Sunday, July 06, 2008

THE VISITOR - admirably restrained

THE VISITOR is a beautifully acted, admirably restrained, chamber drama. It focuses on the relationship between a dessicated old academic and three immigrants that he meets by chance. Richard Jenkins gives a subtly modulated performance as the introverted Professor Vale. Forced to visit New York to attend a conference, he finds that a fraudster has been renting his apartment to a young couple. They panic, and then apologetically leave, but Vale is decent enough not to have them sleep rough. He invites them back and forms a tentative friendship, cemented through a shared love of music. He starts to enjoy life again. The politics of immigration are barely mentioned until the young man, Tarek, is arrested and threatened with deportation. Even then, writer-director Thomas McCarthy doesn't force a political message down our throat. Instead, he lets the audience follow Walter Vale through the process of visiting a friend who's in detention. The petty frustrations and callous treatment speak for themselves.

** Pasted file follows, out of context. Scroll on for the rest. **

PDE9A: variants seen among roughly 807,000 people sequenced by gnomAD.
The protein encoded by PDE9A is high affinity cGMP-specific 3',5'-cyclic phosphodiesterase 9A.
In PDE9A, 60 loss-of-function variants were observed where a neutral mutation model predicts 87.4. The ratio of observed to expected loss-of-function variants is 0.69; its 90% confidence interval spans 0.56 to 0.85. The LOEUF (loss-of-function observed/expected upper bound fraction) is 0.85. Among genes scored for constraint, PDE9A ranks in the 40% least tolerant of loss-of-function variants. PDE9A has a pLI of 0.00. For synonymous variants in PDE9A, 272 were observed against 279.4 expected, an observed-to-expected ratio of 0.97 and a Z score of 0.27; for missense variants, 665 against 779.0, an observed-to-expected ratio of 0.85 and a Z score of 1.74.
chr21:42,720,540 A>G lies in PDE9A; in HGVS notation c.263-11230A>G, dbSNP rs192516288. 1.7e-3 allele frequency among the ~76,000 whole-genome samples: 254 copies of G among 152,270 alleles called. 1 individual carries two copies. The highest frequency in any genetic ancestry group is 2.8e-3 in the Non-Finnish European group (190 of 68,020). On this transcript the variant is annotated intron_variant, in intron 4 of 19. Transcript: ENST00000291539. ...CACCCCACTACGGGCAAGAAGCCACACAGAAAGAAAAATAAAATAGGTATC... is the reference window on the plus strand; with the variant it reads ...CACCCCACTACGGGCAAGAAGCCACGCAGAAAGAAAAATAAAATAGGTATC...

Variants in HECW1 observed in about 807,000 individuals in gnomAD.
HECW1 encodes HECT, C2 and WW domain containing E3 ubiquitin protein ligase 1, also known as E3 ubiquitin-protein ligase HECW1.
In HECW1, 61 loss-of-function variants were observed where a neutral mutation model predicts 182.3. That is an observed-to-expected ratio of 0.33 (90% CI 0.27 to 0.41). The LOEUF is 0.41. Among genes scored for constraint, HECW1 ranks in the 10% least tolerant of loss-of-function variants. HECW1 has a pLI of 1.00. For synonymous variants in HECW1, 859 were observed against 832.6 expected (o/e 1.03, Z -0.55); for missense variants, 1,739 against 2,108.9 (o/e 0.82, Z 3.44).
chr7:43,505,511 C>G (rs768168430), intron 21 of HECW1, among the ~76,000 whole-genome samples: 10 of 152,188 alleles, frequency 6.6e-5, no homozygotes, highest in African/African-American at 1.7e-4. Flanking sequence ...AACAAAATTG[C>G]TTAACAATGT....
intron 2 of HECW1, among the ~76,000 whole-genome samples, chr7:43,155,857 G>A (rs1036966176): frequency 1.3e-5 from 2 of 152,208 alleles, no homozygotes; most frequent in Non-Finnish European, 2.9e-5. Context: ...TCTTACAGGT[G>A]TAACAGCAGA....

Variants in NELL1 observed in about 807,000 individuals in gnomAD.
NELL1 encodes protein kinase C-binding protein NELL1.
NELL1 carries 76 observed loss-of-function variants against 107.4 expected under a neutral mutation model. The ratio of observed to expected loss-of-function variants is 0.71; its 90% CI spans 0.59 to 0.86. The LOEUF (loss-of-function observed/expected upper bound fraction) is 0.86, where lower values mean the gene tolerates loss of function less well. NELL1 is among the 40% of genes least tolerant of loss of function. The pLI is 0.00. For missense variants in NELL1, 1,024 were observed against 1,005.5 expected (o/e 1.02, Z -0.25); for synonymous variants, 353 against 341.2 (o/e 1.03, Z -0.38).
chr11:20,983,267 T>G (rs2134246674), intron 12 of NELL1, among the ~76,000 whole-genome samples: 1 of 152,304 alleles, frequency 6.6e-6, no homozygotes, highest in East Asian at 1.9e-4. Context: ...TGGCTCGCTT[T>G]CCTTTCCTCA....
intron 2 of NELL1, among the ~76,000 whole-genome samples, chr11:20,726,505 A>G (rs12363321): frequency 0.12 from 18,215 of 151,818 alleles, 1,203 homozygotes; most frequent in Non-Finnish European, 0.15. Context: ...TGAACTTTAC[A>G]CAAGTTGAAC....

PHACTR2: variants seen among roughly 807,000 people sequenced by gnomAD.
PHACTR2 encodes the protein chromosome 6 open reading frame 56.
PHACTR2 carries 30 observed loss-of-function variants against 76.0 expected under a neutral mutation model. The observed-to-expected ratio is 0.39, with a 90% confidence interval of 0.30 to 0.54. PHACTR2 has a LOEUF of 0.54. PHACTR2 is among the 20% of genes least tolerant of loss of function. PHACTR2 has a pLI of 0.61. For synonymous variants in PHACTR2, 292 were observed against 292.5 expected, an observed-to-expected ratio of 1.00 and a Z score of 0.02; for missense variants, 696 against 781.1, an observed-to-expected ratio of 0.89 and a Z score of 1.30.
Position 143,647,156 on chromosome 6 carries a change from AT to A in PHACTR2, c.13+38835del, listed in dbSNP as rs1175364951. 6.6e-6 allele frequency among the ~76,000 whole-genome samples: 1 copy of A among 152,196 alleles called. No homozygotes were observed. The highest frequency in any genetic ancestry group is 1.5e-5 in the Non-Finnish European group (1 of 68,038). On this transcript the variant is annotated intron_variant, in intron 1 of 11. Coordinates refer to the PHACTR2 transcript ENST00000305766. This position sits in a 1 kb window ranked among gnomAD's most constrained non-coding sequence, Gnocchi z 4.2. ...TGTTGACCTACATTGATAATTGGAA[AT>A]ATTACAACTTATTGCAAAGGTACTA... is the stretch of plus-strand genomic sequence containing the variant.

This is, finally, the strength of the film. McCarthy lets the characters and situations speak for themselves, quietly, forcefully, authentically.

THE VISITOR played Toronto 2007 and Sundance 2008. It opened in the US earlier this year and is currently on release in the UK. It opens in France in October.

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